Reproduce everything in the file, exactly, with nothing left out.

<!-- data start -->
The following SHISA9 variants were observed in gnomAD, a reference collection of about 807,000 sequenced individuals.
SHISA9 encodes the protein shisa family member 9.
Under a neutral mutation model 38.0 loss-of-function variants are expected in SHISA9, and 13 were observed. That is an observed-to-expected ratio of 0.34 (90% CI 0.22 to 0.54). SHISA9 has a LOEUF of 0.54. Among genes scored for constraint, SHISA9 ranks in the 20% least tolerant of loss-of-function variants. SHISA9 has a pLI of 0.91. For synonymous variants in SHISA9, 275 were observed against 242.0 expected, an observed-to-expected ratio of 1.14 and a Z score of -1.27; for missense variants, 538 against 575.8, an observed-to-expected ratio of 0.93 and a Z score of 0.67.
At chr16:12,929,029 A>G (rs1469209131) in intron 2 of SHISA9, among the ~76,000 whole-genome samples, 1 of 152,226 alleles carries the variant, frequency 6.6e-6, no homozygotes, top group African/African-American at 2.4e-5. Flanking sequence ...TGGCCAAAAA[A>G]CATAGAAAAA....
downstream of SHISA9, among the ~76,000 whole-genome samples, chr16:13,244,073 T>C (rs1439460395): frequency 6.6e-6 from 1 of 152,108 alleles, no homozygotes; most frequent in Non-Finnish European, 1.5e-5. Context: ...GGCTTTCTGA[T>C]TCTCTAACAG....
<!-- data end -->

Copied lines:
The following SHISA9 variants were observed in gnomAD, a reference collection of about 807,000 sequenced individuals.
SHISA9 encodes the protein shisa family member 9.
Under a neutral mutation model 38.0 loss-of-function variants are expected in SHISA9, and 13 were observed. That is an observed-to-expected ratio of 0.34 (90% CI 0.22 to 0.54). SHISA9 has a LOEUF of 0.54. Among genes scored for constraint, SHISA9 ranks in the 20% least tolerant of loss-of-function variants. SHISA9 has a pLI of 0.91. For synonymous variants in SHISA9, 275 were observed against 242.0 expected, an observed-to-expected ratio of 1.14 and a Z score of -1.27; for missense variants, 538 against 575.8, an observed-to-expected ratio of 0.93 and a Z score of 0.67.
At chr16:12,929,029 A>G (rs1469209131) in intron 2 of SHISA9, among the ~76,000 whole-genome samples, 1 of 152,226 alleles carries the variant, frequency 6.6e-6, no homozygotes, top group African/African-American at 2.4e-5. Flanking sequence ...TGGCCAAAAA[A>G]CATAGAAAAA....
downstream of SHISA9, among the ~76,000 whole-genome samples, chr16:13,244,073 T>C (rs1439460395): frequency 6.6e-6 from 1 of 152,108 alleles, no homozygotes; most frequent in Non-Finnish European, 1.5e-5. Context: ...GGCTTTCTGA[T>C]TCTCTAACAG....